The Infrastructure Investment and Jobs Act ended the employee retention credit (ERC) for periods after September 30, 2021, except for recovery startup businesses. As the ERC had previously been extended through 2021, employers may have already requested advanced payments or reduced payroll deposits for Q4 2021.
Notice 2021-65, issued on December 6, 2021, addresses how and when employers may repay these amounts to avoid failure to deposit or pay penalties.
When a taxpayer receives an advance payment, they are receiving actual cash refunds. Any advance payment received to which the taxpayer was not entitled, even if eligible when originally filed, is considered an erroneous refund that must be repaid. Failure to repay the advance payment may result in penalties.
In terms of advance payments for Q4 ERC, Notice 2021-65 states that to avoid penalties employers must repay the advance payment by the due date for the applicable employment tax return that includes the Q4 calendar quarter of 2021.
Employers who fail to make the proper deposits of employment taxes can be subject to failure to deposit penalties. Treasury had released previous guidance that waived these penalties for certain employers who had reduced their deposits in anticipation of receiving the ERC.
The new notice indicates that the failure to deposits will no longer be waived after December 20, 2021, except for an employer that qualifies as a recovery startup business. In addition, the notice provides that an employer will not be subject to a penalty for deposits due on or before December 20, 2021, for wages paid in Q4 of 2021 if the employer:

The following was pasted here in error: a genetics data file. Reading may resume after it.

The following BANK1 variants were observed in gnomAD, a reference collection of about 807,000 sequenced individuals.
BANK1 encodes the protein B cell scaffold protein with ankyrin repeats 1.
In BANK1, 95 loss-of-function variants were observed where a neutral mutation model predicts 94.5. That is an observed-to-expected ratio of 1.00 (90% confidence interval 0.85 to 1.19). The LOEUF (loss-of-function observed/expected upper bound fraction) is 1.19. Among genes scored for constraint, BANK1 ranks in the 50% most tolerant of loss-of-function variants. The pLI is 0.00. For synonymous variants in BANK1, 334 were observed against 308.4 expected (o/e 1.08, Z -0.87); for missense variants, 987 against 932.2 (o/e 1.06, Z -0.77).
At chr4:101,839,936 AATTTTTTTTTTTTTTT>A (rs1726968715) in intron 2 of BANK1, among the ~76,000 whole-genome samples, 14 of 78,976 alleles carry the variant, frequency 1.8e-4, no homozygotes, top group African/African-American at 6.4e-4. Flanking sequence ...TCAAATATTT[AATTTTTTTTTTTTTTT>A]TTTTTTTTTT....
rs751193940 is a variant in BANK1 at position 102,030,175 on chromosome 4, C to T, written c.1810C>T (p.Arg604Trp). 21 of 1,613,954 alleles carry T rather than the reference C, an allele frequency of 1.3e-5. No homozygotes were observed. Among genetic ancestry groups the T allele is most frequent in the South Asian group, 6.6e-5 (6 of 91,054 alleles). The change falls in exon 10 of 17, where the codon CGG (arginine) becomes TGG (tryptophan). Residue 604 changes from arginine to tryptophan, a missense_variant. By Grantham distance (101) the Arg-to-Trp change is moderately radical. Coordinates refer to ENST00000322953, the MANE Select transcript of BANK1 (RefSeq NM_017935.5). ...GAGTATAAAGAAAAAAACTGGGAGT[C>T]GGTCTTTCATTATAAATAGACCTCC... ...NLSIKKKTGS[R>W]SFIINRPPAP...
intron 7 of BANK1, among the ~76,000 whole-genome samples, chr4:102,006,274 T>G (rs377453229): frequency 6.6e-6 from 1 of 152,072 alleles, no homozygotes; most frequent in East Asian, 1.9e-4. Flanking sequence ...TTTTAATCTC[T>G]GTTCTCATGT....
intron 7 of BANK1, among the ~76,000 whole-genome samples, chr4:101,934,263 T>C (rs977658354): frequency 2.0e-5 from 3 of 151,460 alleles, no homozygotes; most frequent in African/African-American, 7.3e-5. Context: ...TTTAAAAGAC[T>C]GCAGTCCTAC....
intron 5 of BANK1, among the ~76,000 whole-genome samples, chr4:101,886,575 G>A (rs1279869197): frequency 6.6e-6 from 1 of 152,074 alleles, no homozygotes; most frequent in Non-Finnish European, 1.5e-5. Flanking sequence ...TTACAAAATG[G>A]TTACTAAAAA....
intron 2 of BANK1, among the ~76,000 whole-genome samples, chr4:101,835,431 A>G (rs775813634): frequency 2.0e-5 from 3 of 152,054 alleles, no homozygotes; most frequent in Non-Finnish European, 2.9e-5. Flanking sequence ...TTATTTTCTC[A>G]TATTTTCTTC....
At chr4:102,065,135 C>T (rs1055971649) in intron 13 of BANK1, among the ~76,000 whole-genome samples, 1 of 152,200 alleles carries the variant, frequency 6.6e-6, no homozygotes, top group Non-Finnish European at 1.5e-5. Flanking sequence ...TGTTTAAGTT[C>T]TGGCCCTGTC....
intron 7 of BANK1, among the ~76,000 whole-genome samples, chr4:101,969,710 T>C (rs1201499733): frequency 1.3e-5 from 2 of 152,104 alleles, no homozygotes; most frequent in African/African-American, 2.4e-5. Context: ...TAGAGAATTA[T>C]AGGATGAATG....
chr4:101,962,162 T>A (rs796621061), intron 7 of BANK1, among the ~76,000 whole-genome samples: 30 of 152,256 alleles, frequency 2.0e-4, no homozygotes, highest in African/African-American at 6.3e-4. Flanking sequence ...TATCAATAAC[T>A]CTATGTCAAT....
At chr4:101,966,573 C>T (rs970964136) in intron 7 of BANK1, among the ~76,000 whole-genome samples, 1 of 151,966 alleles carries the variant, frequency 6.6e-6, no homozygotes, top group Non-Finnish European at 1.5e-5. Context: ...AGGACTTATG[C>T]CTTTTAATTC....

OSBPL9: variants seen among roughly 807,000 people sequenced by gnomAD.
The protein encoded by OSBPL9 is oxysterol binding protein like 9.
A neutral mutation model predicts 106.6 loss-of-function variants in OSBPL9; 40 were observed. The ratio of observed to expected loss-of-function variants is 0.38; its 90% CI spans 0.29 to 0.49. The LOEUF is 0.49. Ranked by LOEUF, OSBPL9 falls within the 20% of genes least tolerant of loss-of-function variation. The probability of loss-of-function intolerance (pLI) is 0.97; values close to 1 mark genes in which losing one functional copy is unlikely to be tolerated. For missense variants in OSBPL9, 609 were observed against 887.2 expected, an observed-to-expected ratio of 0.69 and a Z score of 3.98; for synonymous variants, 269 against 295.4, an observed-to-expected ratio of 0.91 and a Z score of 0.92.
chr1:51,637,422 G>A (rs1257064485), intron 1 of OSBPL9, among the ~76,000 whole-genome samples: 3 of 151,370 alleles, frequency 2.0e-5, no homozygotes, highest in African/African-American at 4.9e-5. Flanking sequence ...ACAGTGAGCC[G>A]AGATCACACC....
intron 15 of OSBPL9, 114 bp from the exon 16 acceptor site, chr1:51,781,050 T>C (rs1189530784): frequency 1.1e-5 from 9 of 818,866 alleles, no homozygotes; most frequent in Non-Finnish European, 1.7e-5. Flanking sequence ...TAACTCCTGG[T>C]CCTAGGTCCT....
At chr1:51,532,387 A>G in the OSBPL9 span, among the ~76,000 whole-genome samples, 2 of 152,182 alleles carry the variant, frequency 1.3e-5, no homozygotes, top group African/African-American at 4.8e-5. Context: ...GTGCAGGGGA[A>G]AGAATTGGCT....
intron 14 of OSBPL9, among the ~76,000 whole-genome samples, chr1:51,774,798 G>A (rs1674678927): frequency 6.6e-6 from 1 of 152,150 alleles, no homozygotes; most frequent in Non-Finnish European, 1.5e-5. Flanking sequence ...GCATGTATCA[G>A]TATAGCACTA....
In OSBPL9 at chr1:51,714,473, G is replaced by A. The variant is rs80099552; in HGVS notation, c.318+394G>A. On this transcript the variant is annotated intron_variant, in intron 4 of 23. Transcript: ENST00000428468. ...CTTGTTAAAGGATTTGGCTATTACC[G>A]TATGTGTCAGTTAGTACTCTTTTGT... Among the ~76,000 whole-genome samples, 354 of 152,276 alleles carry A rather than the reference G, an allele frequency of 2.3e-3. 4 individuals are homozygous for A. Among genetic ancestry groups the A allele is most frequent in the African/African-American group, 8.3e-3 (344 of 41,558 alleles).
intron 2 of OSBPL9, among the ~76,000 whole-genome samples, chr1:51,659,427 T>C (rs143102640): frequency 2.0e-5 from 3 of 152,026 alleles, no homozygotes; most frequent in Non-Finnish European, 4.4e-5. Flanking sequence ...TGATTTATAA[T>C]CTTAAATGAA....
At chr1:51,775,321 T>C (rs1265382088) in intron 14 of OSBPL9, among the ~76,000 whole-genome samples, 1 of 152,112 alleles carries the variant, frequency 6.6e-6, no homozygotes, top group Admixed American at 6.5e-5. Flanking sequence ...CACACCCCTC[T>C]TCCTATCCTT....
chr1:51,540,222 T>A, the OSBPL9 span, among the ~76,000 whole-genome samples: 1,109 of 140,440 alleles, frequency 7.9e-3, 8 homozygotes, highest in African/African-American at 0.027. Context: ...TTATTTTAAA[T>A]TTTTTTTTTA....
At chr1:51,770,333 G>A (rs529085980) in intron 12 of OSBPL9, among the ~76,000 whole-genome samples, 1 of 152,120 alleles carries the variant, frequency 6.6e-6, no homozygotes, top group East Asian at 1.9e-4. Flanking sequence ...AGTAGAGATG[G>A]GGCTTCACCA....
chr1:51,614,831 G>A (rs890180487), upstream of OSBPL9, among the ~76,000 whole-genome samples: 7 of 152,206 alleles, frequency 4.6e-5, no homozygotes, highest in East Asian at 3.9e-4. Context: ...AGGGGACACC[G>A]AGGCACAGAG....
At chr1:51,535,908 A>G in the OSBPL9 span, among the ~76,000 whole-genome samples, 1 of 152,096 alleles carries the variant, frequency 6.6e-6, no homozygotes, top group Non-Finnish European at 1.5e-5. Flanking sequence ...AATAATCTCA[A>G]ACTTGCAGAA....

If an employer fails to qualify for penalty relief under one of the options above, they may request relief for reasonable cause. The employer must request relief in writing after receiving a penalty notice and must include an explanation in their statement.
While the government may grant reasonable cause requests in light of the circumstances surrounding the early sunset of the ERC, employers’ easiest path to avoid potential penalties is to fall within the relief provided in Notice 2021-65.
Contact Robert Venables at email@example.com or a member of your service team to discuss this topic further.
Cohen & Company is not rendering legal, accounting or other professional advice. Information contained in this post is considered accurate as of the date of publishing. Any action taken based on information in this blog should be taken only after a detailed review of the specific facts, circumstances and current law.
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